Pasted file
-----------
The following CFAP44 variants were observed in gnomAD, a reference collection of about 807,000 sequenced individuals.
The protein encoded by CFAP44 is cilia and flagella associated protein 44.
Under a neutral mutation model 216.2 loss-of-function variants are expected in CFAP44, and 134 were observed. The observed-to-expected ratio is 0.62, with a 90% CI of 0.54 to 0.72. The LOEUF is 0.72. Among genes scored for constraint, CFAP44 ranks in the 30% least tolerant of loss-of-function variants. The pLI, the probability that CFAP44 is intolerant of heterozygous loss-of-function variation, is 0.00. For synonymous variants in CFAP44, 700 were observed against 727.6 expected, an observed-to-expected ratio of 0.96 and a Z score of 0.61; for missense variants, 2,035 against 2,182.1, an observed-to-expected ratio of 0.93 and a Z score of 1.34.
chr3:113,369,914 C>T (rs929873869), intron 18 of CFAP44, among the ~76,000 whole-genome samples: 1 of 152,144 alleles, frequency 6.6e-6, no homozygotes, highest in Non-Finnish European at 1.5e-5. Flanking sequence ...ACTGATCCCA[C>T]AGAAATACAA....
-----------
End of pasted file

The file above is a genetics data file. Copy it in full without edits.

The following CFAP44 variants were observed in gnomAD, a reference collection of about 807,000 sequenced individuals.
The protein encoded by CFAP44 is cilia and flagella associated protein 44.
Under a neutral mutation model 216.2 loss-of-function variants are expected in CFAP44, and 134 were observed. The observed-to-expected ratio is 0.62, with a 90% CI of 0.54 to 0.72. The LOEUF is 0.72. Among genes scored for constraint, CFAP44 ranks in the 30% least tolerant of loss-of-function variants. The pLI, the probability that CFAP44 is intolerant of heterozygous loss-of-function variation, is 0.00. For synonymous variants in CFAP44, 700 were observed against 727.6 expected, an observed-to-expected ratio of 0.96 and a Z score of 0.61; for missense variants, 2,035 against 2,182.1, an observed-to-expected ratio of 0.93 and a Z score of 1.34.
chr3:113,369,914 C>T (rs929873869), intron 18 of CFAP44, among the ~76,000 whole-genome samples: 1 of 152,144 alleles, frequency 6.6e-6, no homozygotes, highest in Non-Finnish European at 1.5e-5. Flanking sequence ...ACTGATCCCA[C>T]AGAAATACAA....